This is the eighteenth part of The Simple Dollar Book Club reading of Your Money or Your Life. Want to know more?
Today, let’s look at the rest of those 101 sure ways to save money, this time focusing on the groupings of tips starting at #50.
I find that the one thing that many people do that hurts their financial shape is shopping for groceries every day or two or three instead of compressing into weekly (or, even better, every two weeks) shopping trips. This means two things: first, in order to make it work, you have to plan out meals several days in advance, and second, in order to pull it off, you have to make a list of the ingredients for these meals, ensuring that you have to be focused in the store. What works even better is pulling out a grocery store flyer, looking for the produce that’s on sale, and using a few of those items to center meals around, use that info to develop the meal plan, then build your list. Another tip: avoid convenience foods and instead make everything from the most basic ingredients possible. This philosophy (and a love of making my own food) has pushed me to the point of making pizza dough and sauce from scratch when we have pizza.
I actually really enjoy camping vacations, and they’re extremely cheap. Most modern camping sites have most of the amenities you essentially need at a hotel (showers, sinks, etc.) for a fraction of the cost of a hotel room. In fact, we went on a camping vacation when our son was about eight months old with no real problems – in fact, it was one of the most enjoyable vacations we ever had.
Entertaining and Dating
Remember that part about not putting up appearances for others? That comes through here. Basically, the book argues that the real reason you spend time socially with others is to enjoy their company, not to spend a bunch of money. The advice follows that logic – have potluck dinners or spend a day where you and another person (or couple) spends half the day doing a large task at one house and the other half on a task at the other house. You get some big tasks done and get to also spend the day being social. As for dating, why not just keep it simple and have simple meals at home and watch a film sometimes instead of going out and blowing big cash? After all, tip #83 says the nicest part of dating doesn’t cost money!
The best hobby is one that’s truly cost-effective. For me, I like to find hobbies that simultaneously enrich me and also cost less than a dollar per hour of enjoyment. Reading (thanks to the library) usually fulfills that goal, as does writing and often video games do as well as long as I focus on inexpensive games and play them thoroughly (and also enjoy free online ones, like my perennial favorite Desktop Tower Defense). Bad hobbies? Anything that sucks down money, like, for example, Magic: the Gathering or golf.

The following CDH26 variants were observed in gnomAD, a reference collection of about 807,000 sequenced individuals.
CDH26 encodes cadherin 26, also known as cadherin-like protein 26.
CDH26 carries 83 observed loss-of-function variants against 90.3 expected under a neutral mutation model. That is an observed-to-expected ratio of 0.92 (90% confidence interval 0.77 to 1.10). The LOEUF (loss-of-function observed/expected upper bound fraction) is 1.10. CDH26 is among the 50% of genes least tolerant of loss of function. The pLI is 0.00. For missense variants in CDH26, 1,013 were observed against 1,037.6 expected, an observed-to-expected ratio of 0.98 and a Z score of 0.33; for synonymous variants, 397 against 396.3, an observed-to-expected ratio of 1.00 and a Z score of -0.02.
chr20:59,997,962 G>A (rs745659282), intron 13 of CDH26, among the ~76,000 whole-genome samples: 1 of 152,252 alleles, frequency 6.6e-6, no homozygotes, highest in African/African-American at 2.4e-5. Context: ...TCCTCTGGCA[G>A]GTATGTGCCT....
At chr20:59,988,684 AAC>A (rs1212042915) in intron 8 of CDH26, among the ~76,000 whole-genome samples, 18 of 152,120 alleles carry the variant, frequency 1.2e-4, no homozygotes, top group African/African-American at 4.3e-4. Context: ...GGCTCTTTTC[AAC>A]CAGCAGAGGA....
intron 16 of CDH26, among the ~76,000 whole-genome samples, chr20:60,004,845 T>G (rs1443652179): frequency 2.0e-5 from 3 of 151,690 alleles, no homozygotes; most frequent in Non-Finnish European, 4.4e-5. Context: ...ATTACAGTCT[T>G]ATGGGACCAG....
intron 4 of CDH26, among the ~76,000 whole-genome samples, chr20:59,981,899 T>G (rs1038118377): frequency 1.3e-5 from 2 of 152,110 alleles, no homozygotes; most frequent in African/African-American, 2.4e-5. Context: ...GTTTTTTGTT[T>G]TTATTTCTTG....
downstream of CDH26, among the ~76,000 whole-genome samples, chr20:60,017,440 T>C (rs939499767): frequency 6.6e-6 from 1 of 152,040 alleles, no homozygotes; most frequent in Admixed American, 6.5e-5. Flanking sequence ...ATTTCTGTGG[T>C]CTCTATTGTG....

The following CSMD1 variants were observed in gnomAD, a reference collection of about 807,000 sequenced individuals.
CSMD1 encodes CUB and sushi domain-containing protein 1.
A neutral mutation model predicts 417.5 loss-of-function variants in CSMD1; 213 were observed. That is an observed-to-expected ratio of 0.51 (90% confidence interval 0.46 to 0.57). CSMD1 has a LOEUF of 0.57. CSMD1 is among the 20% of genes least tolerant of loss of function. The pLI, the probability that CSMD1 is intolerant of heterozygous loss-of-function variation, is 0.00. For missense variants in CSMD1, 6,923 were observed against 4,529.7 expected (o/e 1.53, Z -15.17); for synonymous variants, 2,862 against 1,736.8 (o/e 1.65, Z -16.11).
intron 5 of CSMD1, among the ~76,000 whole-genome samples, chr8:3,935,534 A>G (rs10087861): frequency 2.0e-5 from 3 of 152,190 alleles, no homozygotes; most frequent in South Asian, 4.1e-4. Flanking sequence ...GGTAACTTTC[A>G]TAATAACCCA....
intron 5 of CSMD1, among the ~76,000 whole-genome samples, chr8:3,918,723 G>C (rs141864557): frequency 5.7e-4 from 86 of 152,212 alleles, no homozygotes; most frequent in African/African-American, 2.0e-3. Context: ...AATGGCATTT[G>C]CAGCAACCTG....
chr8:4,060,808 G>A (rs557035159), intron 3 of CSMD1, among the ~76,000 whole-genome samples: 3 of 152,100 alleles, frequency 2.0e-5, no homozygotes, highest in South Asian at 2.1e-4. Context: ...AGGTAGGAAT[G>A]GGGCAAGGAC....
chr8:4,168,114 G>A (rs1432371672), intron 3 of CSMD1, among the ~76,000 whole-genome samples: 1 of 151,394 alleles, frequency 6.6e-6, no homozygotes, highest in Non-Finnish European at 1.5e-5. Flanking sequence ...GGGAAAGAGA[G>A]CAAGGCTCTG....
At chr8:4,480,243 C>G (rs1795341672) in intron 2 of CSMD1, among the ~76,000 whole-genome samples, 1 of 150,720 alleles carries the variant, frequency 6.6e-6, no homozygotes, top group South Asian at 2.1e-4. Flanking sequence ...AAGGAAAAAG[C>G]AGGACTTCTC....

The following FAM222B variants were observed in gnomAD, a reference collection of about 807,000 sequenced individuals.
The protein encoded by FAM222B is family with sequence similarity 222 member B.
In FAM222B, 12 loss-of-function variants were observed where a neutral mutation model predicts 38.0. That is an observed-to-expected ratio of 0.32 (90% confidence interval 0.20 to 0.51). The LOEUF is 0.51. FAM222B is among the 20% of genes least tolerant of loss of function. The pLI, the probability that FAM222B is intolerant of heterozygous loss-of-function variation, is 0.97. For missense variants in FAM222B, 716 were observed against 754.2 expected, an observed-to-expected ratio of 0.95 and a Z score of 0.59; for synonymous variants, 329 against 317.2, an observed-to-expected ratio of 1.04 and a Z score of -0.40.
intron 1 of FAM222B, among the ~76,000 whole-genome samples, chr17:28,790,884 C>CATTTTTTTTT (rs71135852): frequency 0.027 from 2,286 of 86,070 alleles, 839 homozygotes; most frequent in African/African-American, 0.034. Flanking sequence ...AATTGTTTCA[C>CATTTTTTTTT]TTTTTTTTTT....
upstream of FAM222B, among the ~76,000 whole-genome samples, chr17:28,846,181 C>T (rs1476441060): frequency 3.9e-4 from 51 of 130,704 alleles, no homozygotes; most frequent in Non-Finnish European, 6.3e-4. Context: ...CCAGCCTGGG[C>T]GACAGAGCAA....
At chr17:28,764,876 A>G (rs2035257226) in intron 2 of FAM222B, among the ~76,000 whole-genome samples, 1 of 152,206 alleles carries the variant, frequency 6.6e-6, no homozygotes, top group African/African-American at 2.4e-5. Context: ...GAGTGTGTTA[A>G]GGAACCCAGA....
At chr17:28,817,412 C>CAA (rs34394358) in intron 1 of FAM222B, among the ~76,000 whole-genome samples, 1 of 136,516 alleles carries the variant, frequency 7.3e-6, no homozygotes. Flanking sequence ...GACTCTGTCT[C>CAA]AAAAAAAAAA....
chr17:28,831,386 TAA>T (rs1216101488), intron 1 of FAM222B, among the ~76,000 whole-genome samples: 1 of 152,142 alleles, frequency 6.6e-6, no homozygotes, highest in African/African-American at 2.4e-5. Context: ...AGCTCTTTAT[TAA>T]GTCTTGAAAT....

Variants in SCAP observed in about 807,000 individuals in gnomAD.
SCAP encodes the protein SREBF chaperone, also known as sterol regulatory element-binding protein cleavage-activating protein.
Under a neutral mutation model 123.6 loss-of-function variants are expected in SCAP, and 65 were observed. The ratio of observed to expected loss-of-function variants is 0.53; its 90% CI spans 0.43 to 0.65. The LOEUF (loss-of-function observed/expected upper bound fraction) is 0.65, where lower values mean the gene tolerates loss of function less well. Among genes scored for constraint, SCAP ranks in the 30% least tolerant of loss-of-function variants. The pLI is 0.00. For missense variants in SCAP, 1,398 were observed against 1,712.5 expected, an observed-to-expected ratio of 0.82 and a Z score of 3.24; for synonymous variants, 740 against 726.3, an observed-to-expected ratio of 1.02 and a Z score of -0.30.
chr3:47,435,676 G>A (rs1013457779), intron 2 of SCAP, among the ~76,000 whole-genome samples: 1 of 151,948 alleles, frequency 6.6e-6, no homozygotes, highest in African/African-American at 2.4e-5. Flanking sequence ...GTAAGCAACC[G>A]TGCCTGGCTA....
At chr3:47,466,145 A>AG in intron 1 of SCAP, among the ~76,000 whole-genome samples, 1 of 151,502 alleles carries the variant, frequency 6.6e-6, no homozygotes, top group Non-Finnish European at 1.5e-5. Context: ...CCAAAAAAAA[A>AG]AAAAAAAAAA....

The advice here is simple: look at your life and ask yourself what scenario causes you to cash in your insurance. Now, could you (or your loved ones) do fine if you had less insurance coverage? For example, I don’t need as much life insurance as many guidelines suggest. Why? My wife is college-educated and has a very good job. I carry quite a bit solely to fully pay off our home and both of our children’s college educations if I were to pass away. Think of your insurance (homeowners, life, and auto) in terms of your actual life, not in terms of vague guidance.
Most of the advice here is covered well in the books The First National Bank of Dad and Make Your Kid A Millionaire, both of which I reviewed and liked. Your Money or Your Life is in favor of allowances and also setting examples on how to spend money for your children, both of which are pretty strong ideas.
I found their take on college to be interesting, though: they’re big advocates of not automatically sending a child to college and paying for it. Instead, look at the broader picture: some children are better served going to a trade school (electrical, plumbing, etc.) instead of college, and still others benefit from a few years in a volunteer program first.
The final section, on gifts, nails exactly how I feel about giving my children presents: fewer is better. That doesn’t mean go cheap on them – just give them one to three carefully selected, quality presents instead of a pile of junk. My memories of Christmas gifts are of the great, well-thought-out gifts my parents got me, not of the piles of stuff I didn’t really want or need. I also like the idea of exchanging “services” as gifts, something one of my wife’s aunts did brilliantly at a recent baby shower for our second child. In lieu of a gift, she offered to watch our children for a night and allow us to have a romantic evening together. Guess what our favorite gift from the shower was?
Tomorrow, we’ll finish up chapter six, “The American Dream – On A Shoestring,” focusing on the final piece of the chapter starting with “Save Money, Save the Planet.” This section appears on pages 213 through 218 in my paperback version of the book.